I don’t know about you, but I’m starting to dislike the first Tuesday of every month.
And it’s taco night!
But for the past four months it's also been the day the Reserve Bank of Australia (RBA) meets to hit our hip pockets with more cash rate hikes.
The good news is we can now see, with more certainty, how severe things will get.
Read more from Nicole Pedersen-McKinnon:
And, even more importantly, when the rate hike pain will ease.
Hint: It’s sooner than you realise.
How high will rates go?
The answer is: Higher yet.
Not dramatically higher, fortunately. But it’s going to happen fast.
The market, by way of a thing called cash rate futures, expects the interest rate to peek at 3.3 per cent in mid-2023.
And it may not even rise that far.
Finder’s Cash Rate survey of 26 economists and experts puts the final number at a much lower 2.5 per cent and suggests there may even be a pause in the hike-cycle shortly as the RBA surveys the response to its handiwork so far.
In either case, that mid-2023 bit is crucial. Expectations are growing that this is when we may see cuts again.
And this is key for anyone entertaining the idea of fixing their mortgage rate for a prolonged time at the, frankly, skyhigh levels to which they have climbed.
Why would interest rates start to fall so soon?
The RBA is trying to fix our out of control expenses.
I’m not even talking about mortgages.
Prices on everything from power to petrol, and even lettuce (did you know Subway has replaced iceberg lettuce with baby spinach?!) have gone through the roof.
The reasons why are big picture: Putin is responsible for petrol, and the ongoing coronavirus crisis in China is slowing down our supplies of virtually everything else.
Then there’s a huge backlog of undelivered goods.
Without getting too technical, normally rate rises are designed to slam the brakes on our spending. In other words, drop demand.
But the problem is Australia and the rest of the world is suddenly facing very limited supply.
Anyway, last week Federal Treasurer Jim Chalmers forecast that inflation would peak by the end of the year at 7.75 per cent.
Once price pressures ease, so too will our home loan repayments.
And in the meantime, perhaps take solace in the fact that tacos taste amazing with coleslaw.
What to do about eye-watering interest
If you are in a position to do so and you haven’t already, it’s time to join the $380 billion-strong throng of Aussies refinancing.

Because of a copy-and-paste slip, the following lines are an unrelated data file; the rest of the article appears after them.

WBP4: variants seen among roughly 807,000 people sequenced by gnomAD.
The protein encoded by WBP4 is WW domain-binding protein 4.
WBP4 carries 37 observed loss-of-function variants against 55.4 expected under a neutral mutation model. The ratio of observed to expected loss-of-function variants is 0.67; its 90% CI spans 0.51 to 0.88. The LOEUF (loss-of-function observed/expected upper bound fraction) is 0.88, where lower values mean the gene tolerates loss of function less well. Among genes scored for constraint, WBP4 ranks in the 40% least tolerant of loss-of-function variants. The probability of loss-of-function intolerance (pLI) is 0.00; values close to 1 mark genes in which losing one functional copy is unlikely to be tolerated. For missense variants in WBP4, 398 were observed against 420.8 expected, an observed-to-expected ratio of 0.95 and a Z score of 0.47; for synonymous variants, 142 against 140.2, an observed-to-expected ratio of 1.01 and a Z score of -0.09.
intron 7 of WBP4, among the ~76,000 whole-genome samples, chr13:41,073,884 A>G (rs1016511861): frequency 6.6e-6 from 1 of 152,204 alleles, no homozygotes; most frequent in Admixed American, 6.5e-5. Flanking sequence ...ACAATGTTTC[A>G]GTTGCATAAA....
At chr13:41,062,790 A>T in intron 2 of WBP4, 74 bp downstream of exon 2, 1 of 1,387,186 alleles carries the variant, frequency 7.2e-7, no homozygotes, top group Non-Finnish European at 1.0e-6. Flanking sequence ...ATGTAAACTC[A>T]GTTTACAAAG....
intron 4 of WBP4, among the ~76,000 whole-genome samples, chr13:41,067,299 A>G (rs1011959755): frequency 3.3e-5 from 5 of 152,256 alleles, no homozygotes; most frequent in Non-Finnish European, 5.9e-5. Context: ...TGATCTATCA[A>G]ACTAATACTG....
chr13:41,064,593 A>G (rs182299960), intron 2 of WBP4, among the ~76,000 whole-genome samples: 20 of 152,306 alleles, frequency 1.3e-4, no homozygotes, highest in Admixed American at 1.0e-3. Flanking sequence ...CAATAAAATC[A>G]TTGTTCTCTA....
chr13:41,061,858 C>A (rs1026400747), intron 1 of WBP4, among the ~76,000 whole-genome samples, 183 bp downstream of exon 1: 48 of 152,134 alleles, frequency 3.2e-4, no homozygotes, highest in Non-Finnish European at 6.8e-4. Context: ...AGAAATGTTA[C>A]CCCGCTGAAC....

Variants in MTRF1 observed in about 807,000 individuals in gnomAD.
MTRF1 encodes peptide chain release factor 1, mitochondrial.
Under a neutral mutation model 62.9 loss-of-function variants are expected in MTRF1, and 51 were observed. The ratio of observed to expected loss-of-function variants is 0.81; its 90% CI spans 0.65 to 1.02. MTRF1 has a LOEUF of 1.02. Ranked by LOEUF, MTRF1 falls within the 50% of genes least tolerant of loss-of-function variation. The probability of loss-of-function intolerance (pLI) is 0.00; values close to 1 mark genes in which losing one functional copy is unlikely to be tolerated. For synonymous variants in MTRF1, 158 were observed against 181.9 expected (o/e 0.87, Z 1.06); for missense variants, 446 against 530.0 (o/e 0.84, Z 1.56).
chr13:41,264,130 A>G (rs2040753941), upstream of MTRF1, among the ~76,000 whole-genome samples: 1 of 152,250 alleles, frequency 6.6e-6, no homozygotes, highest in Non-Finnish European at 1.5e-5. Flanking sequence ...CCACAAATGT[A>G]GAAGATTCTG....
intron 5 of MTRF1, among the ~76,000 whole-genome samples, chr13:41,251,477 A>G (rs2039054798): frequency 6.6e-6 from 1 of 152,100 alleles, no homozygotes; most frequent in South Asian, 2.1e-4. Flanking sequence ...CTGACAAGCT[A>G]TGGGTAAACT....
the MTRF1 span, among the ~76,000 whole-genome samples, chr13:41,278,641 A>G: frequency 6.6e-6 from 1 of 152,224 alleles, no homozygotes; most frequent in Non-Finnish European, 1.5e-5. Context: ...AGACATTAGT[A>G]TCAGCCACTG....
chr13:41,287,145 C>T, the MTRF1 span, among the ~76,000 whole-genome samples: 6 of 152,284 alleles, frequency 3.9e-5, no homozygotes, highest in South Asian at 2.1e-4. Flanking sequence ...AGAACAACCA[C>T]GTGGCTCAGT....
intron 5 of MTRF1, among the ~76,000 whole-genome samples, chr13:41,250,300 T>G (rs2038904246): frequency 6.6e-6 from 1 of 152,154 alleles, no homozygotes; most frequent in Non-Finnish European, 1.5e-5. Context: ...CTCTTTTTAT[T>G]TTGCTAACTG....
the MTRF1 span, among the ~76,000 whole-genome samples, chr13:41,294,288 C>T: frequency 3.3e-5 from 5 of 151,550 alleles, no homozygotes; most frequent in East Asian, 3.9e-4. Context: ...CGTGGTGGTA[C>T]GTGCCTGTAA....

Right now is the sweet spot where refinancing your home loan from the average big four discounted rate of 4.7 per cent to the most competitive, comparable product at 3.09 per cent, wipes the precise amount of hikes.
The switch means you’d cut your repayments by $540 on the average $611,158 mortgage.
Those interest rates are today… Expect them to be 50 basis points higher shortly.
Beware of late payments
Realise that the worst thing you can do is be late with a mortgage payment. You only have 14 days’ grace before this will factor into and push down your credit score.
And for two years or more.
Instead, banks are urging people to come forward and ask for special treatment. After all, they don’t want bad loans on their books… It’s not a good look for their share price.
Each institution has a dedicated financial hardship department that will extend you leniency to get you across the line in this unexpectedly painful time.
What’s more, new credit reporting rules means this special consideration will no longer hurt your credit score. Previously, repayment holidays - the kind that were ‘freely’ offered in the pandemic panic and on this year's floods – could have.
Note that freely is in inverted commas because a repayment pause does not pause interest at all… It ensures you accrue more and lengthens your loan.
It’s vital short-term relief for you but ultimately your lender wins.
So if the alternative is defaulting, don’t be afraid to ask.
With any luck, this interest adjustment – and don’t forget we were at an abnormally low emergency setting of 0.1 per cent - will be mercifully short.